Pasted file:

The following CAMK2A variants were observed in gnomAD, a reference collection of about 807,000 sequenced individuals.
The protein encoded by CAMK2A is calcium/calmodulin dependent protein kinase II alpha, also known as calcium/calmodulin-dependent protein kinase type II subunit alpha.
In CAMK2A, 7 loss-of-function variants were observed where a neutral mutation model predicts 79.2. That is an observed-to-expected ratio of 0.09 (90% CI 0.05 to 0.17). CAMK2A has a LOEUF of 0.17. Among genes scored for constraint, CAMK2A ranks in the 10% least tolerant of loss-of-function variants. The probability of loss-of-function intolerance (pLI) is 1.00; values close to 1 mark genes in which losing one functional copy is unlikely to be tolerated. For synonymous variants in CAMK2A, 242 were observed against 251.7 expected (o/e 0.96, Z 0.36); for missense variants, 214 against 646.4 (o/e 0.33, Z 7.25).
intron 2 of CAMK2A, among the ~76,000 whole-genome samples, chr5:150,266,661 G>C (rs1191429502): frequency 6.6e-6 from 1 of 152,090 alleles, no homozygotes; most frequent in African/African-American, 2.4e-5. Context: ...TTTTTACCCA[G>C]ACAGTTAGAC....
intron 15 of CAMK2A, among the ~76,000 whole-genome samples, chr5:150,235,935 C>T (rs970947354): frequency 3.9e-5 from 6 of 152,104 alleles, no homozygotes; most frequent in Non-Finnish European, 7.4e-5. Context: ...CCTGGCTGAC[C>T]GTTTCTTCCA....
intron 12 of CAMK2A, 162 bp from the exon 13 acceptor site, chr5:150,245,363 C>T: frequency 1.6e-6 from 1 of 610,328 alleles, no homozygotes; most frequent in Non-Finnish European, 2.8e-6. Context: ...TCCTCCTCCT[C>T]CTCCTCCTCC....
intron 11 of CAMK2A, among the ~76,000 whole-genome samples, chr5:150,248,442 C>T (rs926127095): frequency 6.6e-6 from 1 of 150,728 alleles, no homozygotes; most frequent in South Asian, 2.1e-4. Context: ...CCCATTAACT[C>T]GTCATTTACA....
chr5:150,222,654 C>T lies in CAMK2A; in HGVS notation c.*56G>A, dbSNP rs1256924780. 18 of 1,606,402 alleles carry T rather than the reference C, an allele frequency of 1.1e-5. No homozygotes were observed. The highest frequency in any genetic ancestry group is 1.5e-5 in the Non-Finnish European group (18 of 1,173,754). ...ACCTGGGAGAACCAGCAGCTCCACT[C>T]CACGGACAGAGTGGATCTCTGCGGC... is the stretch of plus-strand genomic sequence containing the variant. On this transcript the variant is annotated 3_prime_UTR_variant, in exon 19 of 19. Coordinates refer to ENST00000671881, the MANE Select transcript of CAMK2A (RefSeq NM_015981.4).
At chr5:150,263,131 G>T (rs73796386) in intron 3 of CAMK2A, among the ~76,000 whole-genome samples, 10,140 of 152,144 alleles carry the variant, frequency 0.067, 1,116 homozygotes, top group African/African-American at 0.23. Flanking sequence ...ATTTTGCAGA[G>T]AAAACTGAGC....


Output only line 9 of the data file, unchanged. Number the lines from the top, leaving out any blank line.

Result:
At chr5:150,263,131 G>T (rs73796386) in intron 3 of CAMK2A, among the ~76,000 whole-genome samples, 10,140 of 152,144 alleles carry the variant, frequency 0.067, 1,116 homozygotes, top group African/African-American at 0.23. Flanking sequence ...ATTTTGCAGA[G>T]AAAACTGAGC....